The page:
“Quotation in Music” paper delivered at ESRC/AHRC Cultural Industries Seminar Bournemouth, 16 September 2005 - PowerPoint PPT Presentation

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“Quotation in Music” paper delivered at ESRC/AHRC Cultural Industries Seminar Bournemouth, 16 September 2005 PowerPoint Presentation
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“Quotation in Music” paper delivered at ESRC/AHRC Cultural Industries Seminar Bournemouth, 16 September 2005
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“Quotation in Music” paper delivered at ESRC/AHRC Cultural Industries Seminar Bournemouth, 16 September 2005

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  1. “Quotation in Music”paper delivered at ESRC/AHRC Cultural Industries SeminarBournemouth, 16 September 2005 Friedemann Kawohl fkawohl@t-online.de & Martin Kretschmer mkretsch@bournemouth.ac.uk

  2. International framework Berne Art. 9(2): “three-step-test” for possible exceptions to exclusive reproduction right: • special cases • not conflicting with normal exploitation • not unreasonably prejudicing the legitimate interest of the author Berne Art. 10(1): mandatory permission “to make quotations from a work which has already been lawfully made available to the public, provided that their making is compatible with fair practice, and their extent does not exceed that justified by the purpose” Rome Art. 15: exceptions possible for • private use, reporting current events, teaching and scientific research TRIPS (Art. 13) & WIPO Internet Treaties (Art. 10) require that all limitations to Berne works comply with “three-step-test”; TRIPS Art. 14(6) permits only the Rome exceptions to sound recordings UK: public interest (common law but affirmed in s. 171(3) & Ashdown); fair dealing ss. 29-30; Germany: constitutional Kunstfreiheit; but statutory Melodienschutz; US: fair use/first amendment

  3. Practical effects (music) Sound recordings: have to be licensed, if recognisable. Thus tendency • to hide sources • to produce “sound alikes” Works of music: arrangements are treated as “cover versions“ (= 100% of publishing rights to “original”) Appropriation art problematic; cultural icons unavailable for critical comment • 1966: Beatles Revolver album uses radio samples • 1977: Beatles agreed to samples on The Residents • Today: Permissions to use Beatles catalogue will always be refused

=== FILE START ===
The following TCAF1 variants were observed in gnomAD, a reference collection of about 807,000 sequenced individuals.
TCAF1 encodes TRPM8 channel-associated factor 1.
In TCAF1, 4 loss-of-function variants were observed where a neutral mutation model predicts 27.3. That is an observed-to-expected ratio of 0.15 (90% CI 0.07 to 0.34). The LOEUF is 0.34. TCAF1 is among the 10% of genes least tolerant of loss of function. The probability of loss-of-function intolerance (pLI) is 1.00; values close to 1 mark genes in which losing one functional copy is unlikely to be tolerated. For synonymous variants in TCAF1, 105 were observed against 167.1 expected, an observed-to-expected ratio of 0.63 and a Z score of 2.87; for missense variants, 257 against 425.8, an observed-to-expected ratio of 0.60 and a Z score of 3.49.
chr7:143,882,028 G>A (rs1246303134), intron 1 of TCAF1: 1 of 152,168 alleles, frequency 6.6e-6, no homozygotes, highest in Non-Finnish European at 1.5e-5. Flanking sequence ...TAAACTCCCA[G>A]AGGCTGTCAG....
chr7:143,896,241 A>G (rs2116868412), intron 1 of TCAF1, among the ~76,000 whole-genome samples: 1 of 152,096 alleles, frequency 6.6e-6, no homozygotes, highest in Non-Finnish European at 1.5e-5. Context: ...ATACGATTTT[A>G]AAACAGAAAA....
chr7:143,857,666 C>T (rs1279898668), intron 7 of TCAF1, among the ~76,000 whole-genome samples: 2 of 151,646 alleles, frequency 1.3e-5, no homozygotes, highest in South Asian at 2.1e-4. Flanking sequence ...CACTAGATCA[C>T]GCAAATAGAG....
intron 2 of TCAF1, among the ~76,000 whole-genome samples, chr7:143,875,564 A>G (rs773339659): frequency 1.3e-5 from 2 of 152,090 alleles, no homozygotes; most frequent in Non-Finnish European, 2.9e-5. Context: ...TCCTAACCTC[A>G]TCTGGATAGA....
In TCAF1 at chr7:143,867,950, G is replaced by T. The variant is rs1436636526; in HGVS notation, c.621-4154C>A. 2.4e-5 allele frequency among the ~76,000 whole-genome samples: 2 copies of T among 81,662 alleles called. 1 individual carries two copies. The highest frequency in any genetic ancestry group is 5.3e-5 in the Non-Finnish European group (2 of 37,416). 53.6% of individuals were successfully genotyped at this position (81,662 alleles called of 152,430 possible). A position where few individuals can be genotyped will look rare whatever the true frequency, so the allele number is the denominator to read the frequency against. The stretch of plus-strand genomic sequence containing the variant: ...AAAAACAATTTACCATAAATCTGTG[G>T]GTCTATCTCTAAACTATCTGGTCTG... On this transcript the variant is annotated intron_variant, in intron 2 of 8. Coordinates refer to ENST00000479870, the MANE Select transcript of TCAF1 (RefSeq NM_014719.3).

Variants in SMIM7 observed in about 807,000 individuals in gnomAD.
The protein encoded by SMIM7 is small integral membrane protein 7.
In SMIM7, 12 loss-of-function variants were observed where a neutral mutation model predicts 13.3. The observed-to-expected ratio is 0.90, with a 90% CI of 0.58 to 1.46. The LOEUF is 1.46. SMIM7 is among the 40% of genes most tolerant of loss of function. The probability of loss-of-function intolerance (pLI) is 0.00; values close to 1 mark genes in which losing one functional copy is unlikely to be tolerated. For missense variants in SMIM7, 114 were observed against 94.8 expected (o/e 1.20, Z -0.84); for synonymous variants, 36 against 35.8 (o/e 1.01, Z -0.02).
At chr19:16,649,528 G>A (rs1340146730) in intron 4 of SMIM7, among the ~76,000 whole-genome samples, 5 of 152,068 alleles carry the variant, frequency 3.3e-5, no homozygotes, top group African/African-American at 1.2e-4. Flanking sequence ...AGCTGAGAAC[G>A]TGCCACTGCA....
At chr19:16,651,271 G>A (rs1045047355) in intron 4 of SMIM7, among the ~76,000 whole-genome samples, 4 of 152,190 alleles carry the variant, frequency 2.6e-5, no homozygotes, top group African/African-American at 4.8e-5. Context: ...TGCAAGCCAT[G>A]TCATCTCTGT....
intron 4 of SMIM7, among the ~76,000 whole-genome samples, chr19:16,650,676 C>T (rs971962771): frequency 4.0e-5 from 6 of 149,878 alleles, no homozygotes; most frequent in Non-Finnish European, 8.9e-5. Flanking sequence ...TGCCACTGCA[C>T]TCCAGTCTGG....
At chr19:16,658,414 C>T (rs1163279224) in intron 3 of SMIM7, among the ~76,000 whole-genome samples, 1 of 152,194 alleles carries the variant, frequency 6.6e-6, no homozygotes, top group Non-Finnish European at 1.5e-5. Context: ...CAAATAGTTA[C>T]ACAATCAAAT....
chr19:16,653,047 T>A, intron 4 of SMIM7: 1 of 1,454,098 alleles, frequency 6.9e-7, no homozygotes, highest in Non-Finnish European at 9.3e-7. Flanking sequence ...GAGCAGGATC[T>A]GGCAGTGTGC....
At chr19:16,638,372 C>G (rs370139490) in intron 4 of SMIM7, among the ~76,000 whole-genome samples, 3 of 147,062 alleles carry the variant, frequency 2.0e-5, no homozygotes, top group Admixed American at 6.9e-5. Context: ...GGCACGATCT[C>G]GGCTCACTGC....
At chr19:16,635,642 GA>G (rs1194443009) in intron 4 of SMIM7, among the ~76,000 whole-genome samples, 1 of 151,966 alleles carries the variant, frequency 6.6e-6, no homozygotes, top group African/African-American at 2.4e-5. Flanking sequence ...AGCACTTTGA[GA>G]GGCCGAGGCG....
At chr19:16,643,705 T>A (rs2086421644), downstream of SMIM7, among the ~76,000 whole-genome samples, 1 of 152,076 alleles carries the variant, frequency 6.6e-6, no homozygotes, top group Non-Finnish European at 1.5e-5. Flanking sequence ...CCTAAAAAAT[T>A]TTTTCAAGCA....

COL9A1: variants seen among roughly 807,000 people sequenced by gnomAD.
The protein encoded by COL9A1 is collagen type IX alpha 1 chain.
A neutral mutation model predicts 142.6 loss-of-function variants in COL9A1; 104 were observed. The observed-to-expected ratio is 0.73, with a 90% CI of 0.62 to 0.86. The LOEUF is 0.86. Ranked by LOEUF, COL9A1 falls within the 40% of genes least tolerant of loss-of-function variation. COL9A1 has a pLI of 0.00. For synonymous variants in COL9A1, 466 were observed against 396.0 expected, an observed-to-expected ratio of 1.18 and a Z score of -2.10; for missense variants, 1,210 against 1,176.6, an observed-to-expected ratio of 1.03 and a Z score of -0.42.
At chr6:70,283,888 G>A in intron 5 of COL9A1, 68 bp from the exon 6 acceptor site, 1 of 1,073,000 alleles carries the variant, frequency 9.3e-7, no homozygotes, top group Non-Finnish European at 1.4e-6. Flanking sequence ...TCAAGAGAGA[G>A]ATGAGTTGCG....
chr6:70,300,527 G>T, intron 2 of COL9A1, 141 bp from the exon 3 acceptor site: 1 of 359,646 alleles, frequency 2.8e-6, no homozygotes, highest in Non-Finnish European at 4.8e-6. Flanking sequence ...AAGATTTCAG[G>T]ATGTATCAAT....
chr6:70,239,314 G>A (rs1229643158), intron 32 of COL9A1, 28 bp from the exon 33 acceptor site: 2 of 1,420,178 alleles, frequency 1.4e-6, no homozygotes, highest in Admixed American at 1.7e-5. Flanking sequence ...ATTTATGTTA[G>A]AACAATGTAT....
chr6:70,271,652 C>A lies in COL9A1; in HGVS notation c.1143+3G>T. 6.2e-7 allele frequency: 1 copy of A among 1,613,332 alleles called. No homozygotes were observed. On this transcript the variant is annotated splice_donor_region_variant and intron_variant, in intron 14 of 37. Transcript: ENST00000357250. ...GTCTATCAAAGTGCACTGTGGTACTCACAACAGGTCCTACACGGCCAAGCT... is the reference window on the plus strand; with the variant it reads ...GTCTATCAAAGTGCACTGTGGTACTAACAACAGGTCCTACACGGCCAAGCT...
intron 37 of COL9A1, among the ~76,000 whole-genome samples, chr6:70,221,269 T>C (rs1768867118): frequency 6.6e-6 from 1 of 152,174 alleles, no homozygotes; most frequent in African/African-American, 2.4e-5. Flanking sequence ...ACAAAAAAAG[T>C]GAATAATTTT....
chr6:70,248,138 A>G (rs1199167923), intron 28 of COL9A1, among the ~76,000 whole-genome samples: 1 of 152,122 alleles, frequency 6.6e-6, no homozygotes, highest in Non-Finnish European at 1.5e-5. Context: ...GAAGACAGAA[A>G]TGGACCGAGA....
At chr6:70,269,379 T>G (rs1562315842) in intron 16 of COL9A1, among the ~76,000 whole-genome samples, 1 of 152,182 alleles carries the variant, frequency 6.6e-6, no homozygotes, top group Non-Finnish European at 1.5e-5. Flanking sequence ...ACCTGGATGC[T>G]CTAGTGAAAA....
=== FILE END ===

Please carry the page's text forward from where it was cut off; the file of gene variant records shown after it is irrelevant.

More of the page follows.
4. Original and copybefore ~1750 (I) No clear distinction: original and copy Operas always “new“ Old libretti, but Music was “produced“ every season anew. Status of composer is similar to today‘s theatre directors Conductors reuse popular arias of the previous seasons Pasticcio: e.g. 1726 Florence production of Didone abbandonata includes arias by Vivaldi, Orlandini and Gasparini

  5. Original and copybefore ~1750 (II) Older music was copied in churches and monasteries Copyist adapted music in accordance with regional traditions and the changing zeitgeist Authenticity and originality less important than the function for services

  6. Observance of rules + knowledge of classic works Music: an art without works No idea, no intrinsic expression Compositions are done by conductors and soloists Aural traditions of interpretation Genius and originality “works of music“ music contains ideas (romanticism) Composing as a profession Principle of werktreue (authenticity) Aesthetic change 1750-1850

  7. Genius + originality “works of music“ music contains ideas (romanticism) Composing as a profession Principle of werktreue “Anything goes“ + market success Performance counts and sound recording, not score Function: “expression“ of the dancer + reminiscence (film) Composing is only one task: cf. arranging, producing Appropriation art, arrangements ubiquitous Aesthetic change ~2000

  8. Transformative use:traditional analysis Personality effects critical appropriation plagiarism arrangement transcription quotation Labour appropriation

  9. Transformative use:the information society plagiarism Confusion about sources Critical appropriation arrangement transcription quotation Competition with original

  10. Transformative use:examples Personality effects?Confusion about sources? ZimmermannGrey AlbumBerioVerveThe BelovedHarry Potter Appropriation of labour?Competition with original?

  11. ESRC/AHRC Cultural Industries Seminar: The Effects of Intellectual Property on the Organisation of Cultural Production Centre for Intellectual Property Policy & Management (www.cippm.org.uk) Bournemouth University